There's no doubt the once powerful Ontario economic engine is sputtering. Its mighty manufacturing sector is running on fumes, hurt by a high dollar, energy costs and weak U.S. consumer spending. The provincial unemployment rate is above the national average–an extremely rare occurrence–and Premier Dalton McGuinty is practically begging in the street for loose federal change.
But it's not as if the economy has completely tanked. So why the down faces? It's partly because of the runaway success of Alberta. Certainly, Ontario hasn't enjoyed the huge surge in resource royalties that many others have experienced, but there is still reason for optimism. The dollar is pulling back, energy prices are retreating and consumers are still spending. “The domestic economy–consumer demand, investment and government spending–is doing quite well,” says Marie-Christine Bernard, associate director, provincial outlook, Conference Board of Canada. “The weakness is coming from the trade side.”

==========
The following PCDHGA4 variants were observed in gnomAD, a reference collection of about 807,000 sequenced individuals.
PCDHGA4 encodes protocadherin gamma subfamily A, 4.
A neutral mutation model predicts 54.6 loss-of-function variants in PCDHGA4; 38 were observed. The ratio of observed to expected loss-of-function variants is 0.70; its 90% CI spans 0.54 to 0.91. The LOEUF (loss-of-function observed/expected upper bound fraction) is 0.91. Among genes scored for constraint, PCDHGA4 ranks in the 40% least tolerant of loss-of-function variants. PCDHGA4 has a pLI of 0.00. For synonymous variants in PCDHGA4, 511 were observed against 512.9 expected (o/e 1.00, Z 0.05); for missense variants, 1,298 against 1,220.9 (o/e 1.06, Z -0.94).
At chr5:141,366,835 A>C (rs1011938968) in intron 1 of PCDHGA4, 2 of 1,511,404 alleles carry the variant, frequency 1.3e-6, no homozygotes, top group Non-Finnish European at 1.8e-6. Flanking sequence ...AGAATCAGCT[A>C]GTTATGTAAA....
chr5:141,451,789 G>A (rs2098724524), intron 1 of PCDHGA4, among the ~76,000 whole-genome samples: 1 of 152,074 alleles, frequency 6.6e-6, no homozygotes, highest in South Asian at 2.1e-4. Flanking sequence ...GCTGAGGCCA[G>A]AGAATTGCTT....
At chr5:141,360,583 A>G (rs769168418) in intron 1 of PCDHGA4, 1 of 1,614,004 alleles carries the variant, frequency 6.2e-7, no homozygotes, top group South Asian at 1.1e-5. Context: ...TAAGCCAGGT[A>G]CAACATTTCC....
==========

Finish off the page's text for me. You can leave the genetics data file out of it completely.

That trade weakness isn't likely to change in the first part of 2007, but Derek Burleton, senior economist at TD Bank Financial Group, predicts there will be a bit of a pop late next year as the U.S. economy picks up. In the meantime, there's little risk of the province falling into a recession. “Ontario is underperforming, but it is growing,” says Burleton.
TD believes Ontario's real GDP will grow about 2% in 2007, nearly a full percentage below what Burleton calls “longer-term cruising speed,” but the gap between the province and Alberta should close. That alone will make Ontarians feel a little bit better about their prospects.